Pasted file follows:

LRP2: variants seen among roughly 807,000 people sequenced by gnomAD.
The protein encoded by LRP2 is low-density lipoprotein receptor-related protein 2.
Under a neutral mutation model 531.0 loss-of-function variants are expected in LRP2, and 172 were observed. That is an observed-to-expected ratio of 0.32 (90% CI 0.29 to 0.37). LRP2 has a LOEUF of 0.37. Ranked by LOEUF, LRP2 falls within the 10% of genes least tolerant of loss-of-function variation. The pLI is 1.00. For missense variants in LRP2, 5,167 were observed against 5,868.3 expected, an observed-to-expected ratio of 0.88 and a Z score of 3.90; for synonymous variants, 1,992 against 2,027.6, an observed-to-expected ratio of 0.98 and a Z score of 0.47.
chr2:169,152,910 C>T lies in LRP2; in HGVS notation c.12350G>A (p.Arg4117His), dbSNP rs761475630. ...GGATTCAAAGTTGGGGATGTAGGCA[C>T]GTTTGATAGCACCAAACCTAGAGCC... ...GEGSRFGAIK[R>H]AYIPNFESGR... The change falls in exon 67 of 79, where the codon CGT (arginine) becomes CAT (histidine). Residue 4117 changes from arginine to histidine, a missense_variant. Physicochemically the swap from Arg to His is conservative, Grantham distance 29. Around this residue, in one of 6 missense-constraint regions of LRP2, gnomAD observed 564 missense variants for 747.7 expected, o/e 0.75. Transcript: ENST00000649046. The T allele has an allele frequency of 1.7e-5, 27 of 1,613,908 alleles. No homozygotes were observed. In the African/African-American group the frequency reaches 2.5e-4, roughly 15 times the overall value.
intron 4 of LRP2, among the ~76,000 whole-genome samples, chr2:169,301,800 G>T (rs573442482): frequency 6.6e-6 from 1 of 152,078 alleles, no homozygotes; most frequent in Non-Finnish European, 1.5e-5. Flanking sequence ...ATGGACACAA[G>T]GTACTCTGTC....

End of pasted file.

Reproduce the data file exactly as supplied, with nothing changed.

LRP2: variants seen among roughly 807,000 people sequenced by gnomAD.
The protein encoded by LRP2 is low-density lipoprotein receptor-related protein 2.
Under a neutral mutation model 531.0 loss-of-function variants are expected in LRP2, and 172 were observed. That is an observed-to-expected ratio of 0.32 (90% CI 0.29 to 0.37). LRP2 has a LOEUF of 0.37. Ranked by LOEUF, LRP2 falls within the 10% of genes least tolerant of loss-of-function variation. The pLI is 1.00. For missense variants in LRP2, 5,167 were observed against 5,868.3 expected, an observed-to-expected ratio of 0.88 and a Z score of 3.90; for synonymous variants, 1,992 against 2,027.6, an observed-to-expected ratio of 0.98 and a Z score of 0.47.
chr2:169,152,910 C>T lies in LRP2; in HGVS notation c.12350G>A (p.Arg4117His), dbSNP rs761475630. ...GGATTCAAAGTTGGGGATGTAGGCA[C>T]GTTTGATAGCACCAAACCTAGAGCC... ...GEGSRFGAIK[R>H]AYIPNFESGR... The change falls in exon 67 of 79, where the codon CGT (arginine) becomes CAT (histidine). Residue 4117 changes from arginine to histidine, a missense_variant. Physicochemically the swap from Arg to His is conservative, Grantham distance 29. Around this residue, in one of 6 missense-constraint regions of LRP2, gnomAD observed 564 missense variants for 747.7 expected, o/e 0.75. Transcript: ENST00000649046. The T allele has an allele frequency of 1.7e-5, 27 of 1,613,908 alleles. No homozygotes were observed. In the African/African-American group the frequency reaches 2.5e-4, roughly 15 times the overall value.
intron 4 of LRP2, among the ~76,000 whole-genome samples, chr2:169,301,800 G>T (rs573442482): frequency 6.6e-6 from 1 of 152,078 alleles, no homozygotes; most frequent in Non-Finnish European, 1.5e-5. Flanking sequence ...ATGGACACAA[G>T]GTACTCTGTC....